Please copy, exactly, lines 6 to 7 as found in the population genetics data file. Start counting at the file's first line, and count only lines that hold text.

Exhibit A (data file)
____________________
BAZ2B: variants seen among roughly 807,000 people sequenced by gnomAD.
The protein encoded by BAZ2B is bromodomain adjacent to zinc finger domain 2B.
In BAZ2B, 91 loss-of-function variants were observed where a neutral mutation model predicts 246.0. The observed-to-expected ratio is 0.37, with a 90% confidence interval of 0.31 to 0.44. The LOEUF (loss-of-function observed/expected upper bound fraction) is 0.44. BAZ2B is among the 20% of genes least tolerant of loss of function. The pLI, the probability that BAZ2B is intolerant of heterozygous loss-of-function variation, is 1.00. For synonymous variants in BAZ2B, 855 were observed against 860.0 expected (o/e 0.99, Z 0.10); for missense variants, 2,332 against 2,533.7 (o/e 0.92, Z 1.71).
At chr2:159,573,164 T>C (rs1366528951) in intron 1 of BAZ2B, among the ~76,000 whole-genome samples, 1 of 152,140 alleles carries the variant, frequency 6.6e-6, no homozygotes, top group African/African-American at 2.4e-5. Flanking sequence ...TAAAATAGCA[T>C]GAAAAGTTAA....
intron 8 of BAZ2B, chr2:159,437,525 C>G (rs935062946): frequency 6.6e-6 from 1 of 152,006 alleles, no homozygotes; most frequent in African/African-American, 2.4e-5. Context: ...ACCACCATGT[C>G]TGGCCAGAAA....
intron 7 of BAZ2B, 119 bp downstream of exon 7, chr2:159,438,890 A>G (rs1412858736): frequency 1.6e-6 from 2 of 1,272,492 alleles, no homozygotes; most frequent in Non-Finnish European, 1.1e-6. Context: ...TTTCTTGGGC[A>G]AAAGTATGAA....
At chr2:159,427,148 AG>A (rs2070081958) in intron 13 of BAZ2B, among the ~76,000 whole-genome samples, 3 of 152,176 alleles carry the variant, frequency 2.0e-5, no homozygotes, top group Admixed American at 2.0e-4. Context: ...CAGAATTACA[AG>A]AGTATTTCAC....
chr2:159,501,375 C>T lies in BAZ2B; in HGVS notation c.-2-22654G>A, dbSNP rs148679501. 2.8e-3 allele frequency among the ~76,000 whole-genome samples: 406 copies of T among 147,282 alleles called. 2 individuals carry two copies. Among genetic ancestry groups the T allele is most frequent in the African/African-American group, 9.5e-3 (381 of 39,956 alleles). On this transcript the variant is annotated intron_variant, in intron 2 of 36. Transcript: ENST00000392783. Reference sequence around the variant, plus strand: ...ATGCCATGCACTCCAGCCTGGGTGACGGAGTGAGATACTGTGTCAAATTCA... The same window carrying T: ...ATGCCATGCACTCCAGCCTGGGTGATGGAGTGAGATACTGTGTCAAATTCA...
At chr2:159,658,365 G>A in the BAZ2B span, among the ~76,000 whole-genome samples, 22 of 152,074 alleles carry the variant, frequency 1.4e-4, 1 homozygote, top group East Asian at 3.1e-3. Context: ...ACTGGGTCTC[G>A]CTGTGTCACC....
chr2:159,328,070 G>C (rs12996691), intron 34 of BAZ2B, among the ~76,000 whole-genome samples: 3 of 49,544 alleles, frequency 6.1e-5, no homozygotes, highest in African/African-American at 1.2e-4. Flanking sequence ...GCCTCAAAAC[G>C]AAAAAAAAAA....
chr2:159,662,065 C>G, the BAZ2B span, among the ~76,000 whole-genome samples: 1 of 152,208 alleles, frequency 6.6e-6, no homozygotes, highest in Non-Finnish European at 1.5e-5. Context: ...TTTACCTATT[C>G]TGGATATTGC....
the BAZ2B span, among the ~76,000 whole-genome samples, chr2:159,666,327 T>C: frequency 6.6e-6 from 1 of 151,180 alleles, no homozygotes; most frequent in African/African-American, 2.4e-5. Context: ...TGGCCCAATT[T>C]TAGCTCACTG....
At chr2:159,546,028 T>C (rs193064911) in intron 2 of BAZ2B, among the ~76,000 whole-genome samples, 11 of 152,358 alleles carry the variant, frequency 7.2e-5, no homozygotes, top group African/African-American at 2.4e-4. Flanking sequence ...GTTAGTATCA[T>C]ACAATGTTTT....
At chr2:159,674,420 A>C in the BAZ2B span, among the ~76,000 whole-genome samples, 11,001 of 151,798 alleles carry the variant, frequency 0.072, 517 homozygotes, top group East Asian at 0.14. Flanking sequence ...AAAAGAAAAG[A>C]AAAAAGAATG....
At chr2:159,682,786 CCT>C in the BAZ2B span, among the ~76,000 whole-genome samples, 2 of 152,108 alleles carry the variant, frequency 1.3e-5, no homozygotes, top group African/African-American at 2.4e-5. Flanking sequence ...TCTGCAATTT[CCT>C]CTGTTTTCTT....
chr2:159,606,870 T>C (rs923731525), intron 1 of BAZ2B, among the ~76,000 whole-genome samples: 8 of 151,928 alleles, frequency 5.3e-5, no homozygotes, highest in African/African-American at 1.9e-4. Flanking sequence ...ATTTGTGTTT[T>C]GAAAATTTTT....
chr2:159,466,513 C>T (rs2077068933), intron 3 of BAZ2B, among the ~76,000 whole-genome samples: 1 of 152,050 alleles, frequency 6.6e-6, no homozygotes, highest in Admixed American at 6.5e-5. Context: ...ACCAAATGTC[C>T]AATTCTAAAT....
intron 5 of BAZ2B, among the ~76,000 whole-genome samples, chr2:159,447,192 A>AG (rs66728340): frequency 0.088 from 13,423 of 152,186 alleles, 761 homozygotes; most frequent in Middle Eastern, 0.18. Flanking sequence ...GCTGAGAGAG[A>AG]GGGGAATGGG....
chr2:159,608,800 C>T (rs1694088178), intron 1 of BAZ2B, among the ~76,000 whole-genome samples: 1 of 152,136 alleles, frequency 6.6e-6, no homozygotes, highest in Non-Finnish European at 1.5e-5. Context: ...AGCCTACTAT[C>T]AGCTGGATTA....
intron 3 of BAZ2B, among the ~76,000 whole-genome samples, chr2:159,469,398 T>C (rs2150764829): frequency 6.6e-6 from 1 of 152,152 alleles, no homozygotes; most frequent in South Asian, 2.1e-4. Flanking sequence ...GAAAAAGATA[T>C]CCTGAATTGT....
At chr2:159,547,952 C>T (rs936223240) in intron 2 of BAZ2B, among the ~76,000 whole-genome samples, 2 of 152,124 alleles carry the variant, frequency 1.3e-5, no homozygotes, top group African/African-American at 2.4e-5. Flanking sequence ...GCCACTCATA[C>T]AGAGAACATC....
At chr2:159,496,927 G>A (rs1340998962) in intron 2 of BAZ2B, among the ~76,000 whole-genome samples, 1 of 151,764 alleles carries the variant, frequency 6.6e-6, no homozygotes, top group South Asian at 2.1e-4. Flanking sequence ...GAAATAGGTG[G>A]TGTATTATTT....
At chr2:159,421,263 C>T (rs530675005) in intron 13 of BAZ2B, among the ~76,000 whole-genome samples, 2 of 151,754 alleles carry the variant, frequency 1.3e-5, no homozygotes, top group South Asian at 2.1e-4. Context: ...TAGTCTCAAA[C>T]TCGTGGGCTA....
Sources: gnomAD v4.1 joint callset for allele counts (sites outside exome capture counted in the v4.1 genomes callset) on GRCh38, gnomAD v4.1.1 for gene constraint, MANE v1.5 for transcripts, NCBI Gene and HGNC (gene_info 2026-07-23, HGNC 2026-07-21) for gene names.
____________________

intron 7 of BAZ2B, 119 bp downstream of exon 7, chr2:159,438,890 A>G (rs1412858736): frequency 1.6e-6 from 2 of 1,272,492 alleles, no homozygotes; most frequent in Non-Finnish European, 1.1e-6. Context: ...TTTCTTGGGC[A>G]AAAGTATGAA....
At chr2:159,427,148 AG>A (rs2070081958) in intron 13 of BAZ2B, among the ~76,000 whole-genome samples, 3 of 152,176 alleles carry the variant, frequency 2.0e-5, no homozygotes, top group Admixed American at 2.0e-4. Context: ...CAGAATTACA[AG>A]AGTATTTCAC....